That said I'm of two minds on this particular aspect. In the “pros” column, it's genuinely interesting and unique to see this kind of relationship play out. Anime rarely portrays any romantic relationship besides awkward pining, so seeing such a fleshed-out example of a fairly realistic unhealthy relationship is pretty intriguing. On the “cons” side, having your hero's ex be a manipulative asshole who secretly wants to ruin his relationships just because is some red pill nonsense that could easily veer into full-on misogyny. I don't get that impression from the story yet—Kazuya is yet to be portrayed as some hapless victim, for one—but it's a distinct possibility that I'd rather not have to worry about.
All of that makes this sound like the show is heavier than it really is. For as fundamentally sad as our hero's predicament is, the continued comedy of manners between he and Chizuru remains pretty funny, especially when they have to keep up the act around his friends with increasingly ridiculous lies. Chizuru is also pretty much the only really likable character right now: charitable enough to play along when necessary so as not to totally blow Kazuya's cover, but also straightforward when he mistakes her kindness for romance. She's still a little hard to get a read on, but good god if it's not refreshing for her to call him out on interpreting any generically nice gesture or kind word as evidence she's secretly in love with him. That's frankly a lesson Kazuya and many of the presumably young people watching this show could stand to internalize.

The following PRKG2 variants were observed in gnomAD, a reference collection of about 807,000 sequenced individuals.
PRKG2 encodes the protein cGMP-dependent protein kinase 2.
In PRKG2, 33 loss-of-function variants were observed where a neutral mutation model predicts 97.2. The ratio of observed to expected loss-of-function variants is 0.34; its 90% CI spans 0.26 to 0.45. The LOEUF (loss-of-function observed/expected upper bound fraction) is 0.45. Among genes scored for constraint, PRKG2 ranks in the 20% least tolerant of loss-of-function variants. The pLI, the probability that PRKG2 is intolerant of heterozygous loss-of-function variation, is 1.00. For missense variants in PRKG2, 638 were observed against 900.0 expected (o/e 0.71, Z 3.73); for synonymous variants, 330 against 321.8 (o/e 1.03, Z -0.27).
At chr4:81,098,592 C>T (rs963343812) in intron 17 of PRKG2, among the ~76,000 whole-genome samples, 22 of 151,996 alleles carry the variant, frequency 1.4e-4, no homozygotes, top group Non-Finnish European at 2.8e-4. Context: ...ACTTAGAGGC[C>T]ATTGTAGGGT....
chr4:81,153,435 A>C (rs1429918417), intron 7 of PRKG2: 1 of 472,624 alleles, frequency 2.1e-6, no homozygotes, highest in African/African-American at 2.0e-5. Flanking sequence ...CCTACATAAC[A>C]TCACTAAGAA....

So yeah, Rent-A-Girlfriend continues to fascinate me in many ways, and I certainly can't say I'm bored with it. It exudes a certain sad but honest kind of humor to it with its portrayal of its lead and the people around him, which is both undercut and kind of buoyed by the ridiculous contrivances of its narrative mechanics. Whether others have the patience to sit it out is a harder question to answer, but I'm at least interested in seeing how this whole mess plays out.
Rent-A-Girlfriend is currently streaming on Crunchyroll.